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Судебные дела / Зарубежная практика  / Luther Joseph & Kathleen Biery Mills v. Commissioner., United States Tax Court - Memorandum Decision, T.C. Memo. 1991-31, Docket No. 17790-89., Filed January 28, 1991

Luther Joseph & Kathleen Biery Mills v. Commissioner., United States Tax Court - Memorandum Decision, T.C. Memo. 1991-31, Docket No. 17790-89., Filed January 28, 1991


Luther Joseph & Kathleen Biery Mills v. Commissioner.

United States Tax Court - Memorandum Decision

T.C. Memo. 1991-31

Docket No. 17790-89.

Filed January 28, 1991.

Luther Joseph Mills, pro se. John Boyle, for the respondent.

Memorandum Opinion

DINAN, Special Trial Judge: This case was heard pursuant to the provisions of section 7443A(b) and Rules 180, 181, and 182. 1


1 All section references are to the Internal Revenue Code as amended and in effect for the taxable years in issue. All Rule references are to the Tax Court Rules of Practice and Procedure.


In separate statutory notices of deficiency for each taxable year dated April 18, 1989, respondent determined deficiencies in petitioners' Federal income taxes and additions to tax as follows:


* 50% of the interest due on $1,938.32

** 50% of the interest due on $2,022.00 Petitioners originally filed this case as a small tax case. Prior to the trial of the case, petitioners orally moved to remove the case from the small tax case category. Respondent did not object. The Court granted petitioners' motion to remove the small tax case designation and heard it as a regular case. See Rule 172(c).

Concessions having been made by the parties, the issues remaining for decision are: (1) Whether respondent's determination with respect to 1984 is barred by the statute of limitations; and (2) whether petitioners are entitled to deduct a home mortgage interest expense of $13,000 for the 1985 taxable year.

Some of the facts have been stipulated. The stipulations of fact and accompanying exhibits are incorporated by this reference. Petitioners resided in Delaware, Ohio, at the time they filed their petition.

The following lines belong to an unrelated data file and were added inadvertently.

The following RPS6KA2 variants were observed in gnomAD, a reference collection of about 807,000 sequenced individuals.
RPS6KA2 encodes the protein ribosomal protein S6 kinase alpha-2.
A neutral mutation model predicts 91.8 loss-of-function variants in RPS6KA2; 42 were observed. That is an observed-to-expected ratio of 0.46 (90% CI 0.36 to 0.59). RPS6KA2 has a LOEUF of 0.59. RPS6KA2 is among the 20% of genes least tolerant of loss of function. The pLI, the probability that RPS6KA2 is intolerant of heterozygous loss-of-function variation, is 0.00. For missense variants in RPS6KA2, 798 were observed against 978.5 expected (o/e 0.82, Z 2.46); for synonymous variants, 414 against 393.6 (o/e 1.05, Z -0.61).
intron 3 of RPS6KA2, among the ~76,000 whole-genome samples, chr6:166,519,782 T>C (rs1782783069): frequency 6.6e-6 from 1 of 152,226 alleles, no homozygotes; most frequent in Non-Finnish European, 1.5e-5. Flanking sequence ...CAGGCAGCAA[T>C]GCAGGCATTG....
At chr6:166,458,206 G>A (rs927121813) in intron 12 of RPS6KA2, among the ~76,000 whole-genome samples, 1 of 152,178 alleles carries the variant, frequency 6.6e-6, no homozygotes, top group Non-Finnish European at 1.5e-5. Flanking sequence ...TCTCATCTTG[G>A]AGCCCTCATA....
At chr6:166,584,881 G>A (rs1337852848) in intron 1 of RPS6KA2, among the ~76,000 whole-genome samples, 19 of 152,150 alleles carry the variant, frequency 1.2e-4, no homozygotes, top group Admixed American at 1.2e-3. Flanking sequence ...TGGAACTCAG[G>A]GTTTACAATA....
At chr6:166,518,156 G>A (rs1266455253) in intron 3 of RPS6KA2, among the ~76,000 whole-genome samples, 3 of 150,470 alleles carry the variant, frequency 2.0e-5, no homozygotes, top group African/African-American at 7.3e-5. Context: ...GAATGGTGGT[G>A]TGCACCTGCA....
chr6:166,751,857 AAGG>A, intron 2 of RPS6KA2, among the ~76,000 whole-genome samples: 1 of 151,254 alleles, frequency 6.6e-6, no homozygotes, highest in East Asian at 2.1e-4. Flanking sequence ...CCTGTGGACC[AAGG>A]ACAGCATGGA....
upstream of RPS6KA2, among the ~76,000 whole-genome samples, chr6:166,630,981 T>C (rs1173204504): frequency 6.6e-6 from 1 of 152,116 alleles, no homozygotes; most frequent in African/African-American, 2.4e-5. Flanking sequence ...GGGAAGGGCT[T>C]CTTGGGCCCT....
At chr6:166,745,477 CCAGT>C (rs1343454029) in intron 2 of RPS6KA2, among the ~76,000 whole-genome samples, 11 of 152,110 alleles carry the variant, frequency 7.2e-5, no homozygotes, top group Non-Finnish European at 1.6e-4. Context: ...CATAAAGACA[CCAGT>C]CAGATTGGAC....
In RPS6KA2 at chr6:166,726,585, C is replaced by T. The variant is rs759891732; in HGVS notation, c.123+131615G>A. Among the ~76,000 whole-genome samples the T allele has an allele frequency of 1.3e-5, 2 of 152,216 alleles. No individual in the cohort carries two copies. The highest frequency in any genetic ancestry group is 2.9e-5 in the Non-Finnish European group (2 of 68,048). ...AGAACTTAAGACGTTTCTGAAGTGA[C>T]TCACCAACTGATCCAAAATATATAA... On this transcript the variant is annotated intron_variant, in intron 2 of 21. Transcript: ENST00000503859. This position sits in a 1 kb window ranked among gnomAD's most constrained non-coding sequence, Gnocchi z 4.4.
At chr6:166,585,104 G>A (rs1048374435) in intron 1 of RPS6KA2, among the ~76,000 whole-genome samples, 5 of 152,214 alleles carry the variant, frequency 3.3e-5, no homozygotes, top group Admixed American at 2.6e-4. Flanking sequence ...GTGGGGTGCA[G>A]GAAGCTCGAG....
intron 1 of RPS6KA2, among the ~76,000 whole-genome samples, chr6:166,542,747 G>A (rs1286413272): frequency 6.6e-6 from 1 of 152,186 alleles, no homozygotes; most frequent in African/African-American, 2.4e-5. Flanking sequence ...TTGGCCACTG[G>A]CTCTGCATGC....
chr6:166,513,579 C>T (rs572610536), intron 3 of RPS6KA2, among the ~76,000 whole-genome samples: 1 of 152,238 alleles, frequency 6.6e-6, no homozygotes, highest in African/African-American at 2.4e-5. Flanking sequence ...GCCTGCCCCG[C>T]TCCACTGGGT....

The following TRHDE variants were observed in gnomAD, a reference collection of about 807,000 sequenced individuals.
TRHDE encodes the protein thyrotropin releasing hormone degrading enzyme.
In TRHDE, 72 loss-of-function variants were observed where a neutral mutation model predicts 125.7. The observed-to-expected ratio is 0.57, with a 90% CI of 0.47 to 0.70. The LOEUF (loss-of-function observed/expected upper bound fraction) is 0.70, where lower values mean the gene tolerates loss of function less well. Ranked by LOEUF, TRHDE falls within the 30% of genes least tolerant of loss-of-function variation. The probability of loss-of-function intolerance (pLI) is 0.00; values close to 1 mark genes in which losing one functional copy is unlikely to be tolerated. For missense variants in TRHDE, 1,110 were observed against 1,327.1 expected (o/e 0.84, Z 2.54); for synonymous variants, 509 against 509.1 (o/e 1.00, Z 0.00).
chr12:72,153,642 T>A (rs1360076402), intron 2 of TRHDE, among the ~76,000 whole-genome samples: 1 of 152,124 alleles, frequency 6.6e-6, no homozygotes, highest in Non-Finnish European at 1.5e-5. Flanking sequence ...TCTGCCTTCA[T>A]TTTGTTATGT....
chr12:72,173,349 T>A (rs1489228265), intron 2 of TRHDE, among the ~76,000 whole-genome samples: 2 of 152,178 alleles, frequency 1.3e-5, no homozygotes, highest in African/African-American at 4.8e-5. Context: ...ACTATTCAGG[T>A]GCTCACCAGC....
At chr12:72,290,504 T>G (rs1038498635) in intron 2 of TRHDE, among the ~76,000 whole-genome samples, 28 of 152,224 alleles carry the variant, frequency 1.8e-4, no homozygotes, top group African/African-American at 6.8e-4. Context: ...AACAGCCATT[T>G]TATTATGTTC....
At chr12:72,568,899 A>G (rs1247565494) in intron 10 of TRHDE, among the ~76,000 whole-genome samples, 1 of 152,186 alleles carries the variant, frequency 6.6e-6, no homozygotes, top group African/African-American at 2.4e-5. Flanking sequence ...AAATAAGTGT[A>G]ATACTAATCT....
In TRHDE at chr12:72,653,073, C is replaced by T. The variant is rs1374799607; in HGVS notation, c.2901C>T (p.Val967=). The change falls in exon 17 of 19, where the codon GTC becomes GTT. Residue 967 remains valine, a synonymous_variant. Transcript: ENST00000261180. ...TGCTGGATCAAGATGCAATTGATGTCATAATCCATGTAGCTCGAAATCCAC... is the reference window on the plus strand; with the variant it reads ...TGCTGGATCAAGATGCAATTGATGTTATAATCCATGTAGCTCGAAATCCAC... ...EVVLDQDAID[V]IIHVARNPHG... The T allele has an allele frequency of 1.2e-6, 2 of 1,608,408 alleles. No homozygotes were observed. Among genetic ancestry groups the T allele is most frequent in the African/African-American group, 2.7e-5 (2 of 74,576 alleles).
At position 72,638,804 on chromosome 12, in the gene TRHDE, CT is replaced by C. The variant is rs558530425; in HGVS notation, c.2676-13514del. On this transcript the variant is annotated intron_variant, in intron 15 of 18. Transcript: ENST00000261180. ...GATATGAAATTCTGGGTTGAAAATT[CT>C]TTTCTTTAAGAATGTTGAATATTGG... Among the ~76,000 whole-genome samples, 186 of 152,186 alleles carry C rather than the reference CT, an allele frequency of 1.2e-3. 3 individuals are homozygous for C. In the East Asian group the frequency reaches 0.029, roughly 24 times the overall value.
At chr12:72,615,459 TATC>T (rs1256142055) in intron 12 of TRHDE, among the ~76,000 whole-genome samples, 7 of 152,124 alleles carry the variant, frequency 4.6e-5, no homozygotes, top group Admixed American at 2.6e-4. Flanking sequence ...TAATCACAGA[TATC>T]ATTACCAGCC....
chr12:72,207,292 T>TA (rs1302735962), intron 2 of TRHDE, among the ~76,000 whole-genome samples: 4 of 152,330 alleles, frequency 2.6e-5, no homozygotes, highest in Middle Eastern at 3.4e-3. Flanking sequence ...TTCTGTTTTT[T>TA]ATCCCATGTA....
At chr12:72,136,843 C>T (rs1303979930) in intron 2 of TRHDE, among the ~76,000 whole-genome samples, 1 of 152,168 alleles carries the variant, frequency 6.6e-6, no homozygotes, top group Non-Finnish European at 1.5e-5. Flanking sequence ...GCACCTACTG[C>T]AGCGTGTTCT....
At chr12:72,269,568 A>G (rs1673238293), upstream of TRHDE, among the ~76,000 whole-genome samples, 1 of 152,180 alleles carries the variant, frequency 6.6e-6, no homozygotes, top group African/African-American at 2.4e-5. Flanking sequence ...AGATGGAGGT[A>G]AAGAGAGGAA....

For convenience, we have combined our findings of fact and opinion by issue.

The first issue for decision is whether respondent's statutory notice of deficiency for the 1984 taxable year is barred by the 3-year period of the statute of limitations as set forth in section 6501(a).

Petitioners Luther and Kathleen Mills (petitioners) filed a joint Federal income tax return for the taxable year 1984. Petitioners obtained an extension allowing them until October 15, 1985, to file their return for 1984. On December 16, 1986, respondent's agent sent petitioners an information document request seeking information regarding their 1984 taxable year. On April 16, 1987, petitioners responded by mailing a copy of their 1984 Federal income tax return to the Internal Revenue Service Center in Cincinnati, Ohio. The Cincinnati Service Center had no record of having received a 1984 return from petitioners. It treated the copy of the 1984 return as an original and stamped the return: "Received April 20, 1987." The return bears a copy of petitioner Luther Mills' signature with the date "10/15/85" immediately following it. Additionally, the return bears original signatures of petitioners Luther and Kathleen Mills, and the date "3/28/87," underneath petitioner Luther Mills' signature.

On April 18, 1989, respondent mailed a statutory notice of deficiency to petitioners with respect to their 1984 taxable year.

Petitioners argue that they timely filed their 1984 Federal income tax return on October 15, 1985, and that respondent's statutory notice of deficiency, dated April 18, 1989, was too late to toll the running of the period of limitations pursuant to section 6501(a). Petitioners argue that if the Cincinnati Service Center had not received petitioners 1984 return, it would have asked for the return in the December 16, 1986, information document request. Respondent, on the other hand, contends that petitioners have not proven that their 1984 return was filed on October 15, 1985. It is respondent's position that petitioners' 1984 return was not received until April 20, 1987; therefore, the statutory notice of deficiency was timely sent. Petitioners bear the burden of proving that the statutory period under section 6501(a) had expired. Espinoza v. Commissioner [Dec. 38,853], 78 T.C. 412, 421 (1982).